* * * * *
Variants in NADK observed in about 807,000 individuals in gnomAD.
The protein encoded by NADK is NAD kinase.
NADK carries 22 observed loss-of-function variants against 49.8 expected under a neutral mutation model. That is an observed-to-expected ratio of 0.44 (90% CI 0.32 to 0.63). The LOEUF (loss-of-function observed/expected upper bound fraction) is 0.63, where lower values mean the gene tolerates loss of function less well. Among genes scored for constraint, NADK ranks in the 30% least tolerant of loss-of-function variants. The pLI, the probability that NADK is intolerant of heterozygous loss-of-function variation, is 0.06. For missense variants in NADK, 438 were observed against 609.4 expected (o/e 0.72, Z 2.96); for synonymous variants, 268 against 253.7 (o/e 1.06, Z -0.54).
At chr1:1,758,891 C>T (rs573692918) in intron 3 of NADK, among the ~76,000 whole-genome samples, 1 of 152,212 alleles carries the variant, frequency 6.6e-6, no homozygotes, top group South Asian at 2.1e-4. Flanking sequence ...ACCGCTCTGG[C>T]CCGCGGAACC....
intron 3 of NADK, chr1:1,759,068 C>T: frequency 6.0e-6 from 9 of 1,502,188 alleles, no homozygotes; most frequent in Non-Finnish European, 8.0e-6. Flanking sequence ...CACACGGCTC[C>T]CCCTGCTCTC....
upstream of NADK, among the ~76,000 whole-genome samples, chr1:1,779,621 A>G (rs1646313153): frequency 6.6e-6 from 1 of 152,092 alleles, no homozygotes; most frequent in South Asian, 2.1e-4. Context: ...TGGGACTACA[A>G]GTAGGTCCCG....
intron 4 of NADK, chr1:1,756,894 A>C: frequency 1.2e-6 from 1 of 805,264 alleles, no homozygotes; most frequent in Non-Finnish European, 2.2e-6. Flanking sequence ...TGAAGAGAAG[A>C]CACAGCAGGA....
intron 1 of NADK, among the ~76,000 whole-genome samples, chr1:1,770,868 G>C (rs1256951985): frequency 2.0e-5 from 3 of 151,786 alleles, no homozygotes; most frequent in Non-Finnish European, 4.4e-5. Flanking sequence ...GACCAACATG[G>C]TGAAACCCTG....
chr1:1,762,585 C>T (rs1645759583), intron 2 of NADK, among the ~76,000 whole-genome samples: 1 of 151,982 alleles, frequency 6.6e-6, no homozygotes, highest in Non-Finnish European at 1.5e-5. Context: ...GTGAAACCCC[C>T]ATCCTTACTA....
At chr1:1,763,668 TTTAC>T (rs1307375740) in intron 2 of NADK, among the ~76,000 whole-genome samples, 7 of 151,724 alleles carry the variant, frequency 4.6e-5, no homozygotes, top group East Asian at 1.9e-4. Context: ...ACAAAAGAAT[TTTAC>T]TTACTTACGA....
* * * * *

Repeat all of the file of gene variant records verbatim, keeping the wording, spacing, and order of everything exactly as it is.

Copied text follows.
Variants in NADK observed in about 807,000 individuals in gnomAD.
The protein encoded by NADK is NAD kinase.
NADK carries 22 observed loss-of-function variants against 49.8 expected under a neutral mutation model. That is an observed-to-expected ratio of 0.44 (90% CI 0.32 to 0.63). The LOEUF (loss-of-function observed/expected upper bound fraction) is 0.63, where lower values mean the gene tolerates loss of function less well. Among genes scored for constraint, NADK ranks in the 30% least tolerant of loss-of-function variants. The pLI, the probability that NADK is intolerant of heterozygous loss-of-function variation, is 0.06. For missense variants in NADK, 438 were observed against 609.4 expected (o/e 0.72, Z 2.96); for synonymous variants, 268 against 253.7 (o/e 1.06, Z -0.54).
At chr1:1,758,891 C>T (rs573692918) in intron 3 of NADK, among the ~76,000 whole-genome samples, 1 of 152,212 alleles carries the variant, frequency 6.6e-6, no homozygotes, top group South Asian at 2.1e-4. Flanking sequence ...ACCGCTCTGG[C>T]CCGCGGAACC....
intron 3 of NADK, chr1:1,759,068 C>T: frequency 6.0e-6 from 9 of 1,502,188 alleles, no homozygotes; most frequent in Non-Finnish European, 8.0e-6. Flanking sequence ...CACACGGCTC[C>T]CCCTGCTCTC....
upstream of NADK, among the ~76,000 whole-genome samples, chr1:1,779,621 A>G (rs1646313153): frequency 6.6e-6 from 1 of 152,092 alleles, no homozygotes; most frequent in South Asian, 2.1e-4. Context: ...TGGGACTACA[A>G]GTAGGTCCCG....
intron 4 of NADK, chr1:1,756,894 A>C: frequency 1.2e-6 from 1 of 805,264 alleles, no homozygotes; most frequent in Non-Finnish European, 2.2e-6. Flanking sequence ...TGAAGAGAAG[A>C]CACAGCAGGA....
intron 1 of NADK, among the ~76,000 whole-genome samples, chr1:1,770,868 G>C (rs1256951985): frequency 2.0e-5 from 3 of 151,786 alleles, no homozygotes; most frequent in Non-Finnish European, 4.4e-5. Flanking sequence ...GACCAACATG[G>C]TGAAACCCTG....
chr1:1,762,585 C>T (rs1645759583), intron 2 of NADK, among the ~76,000 whole-genome samples: 1 of 151,982 alleles, frequency 6.6e-6, no homozygotes, highest in Non-Finnish European at 1.5e-5. Context: ...GTGAAACCCC[C>T]ATCCTTACTA....
At chr1:1,763,668 TTTAC>T (rs1307375740) in intron 2 of NADK, among the ~76,000 whole-genome samples, 7 of 151,724 alleles carry the variant, frequency 4.6e-5, no homozygotes, top group East Asian at 1.9e-4. Context: ...ACAAAAGAAT[TTTAC>T]TTACTTACGA....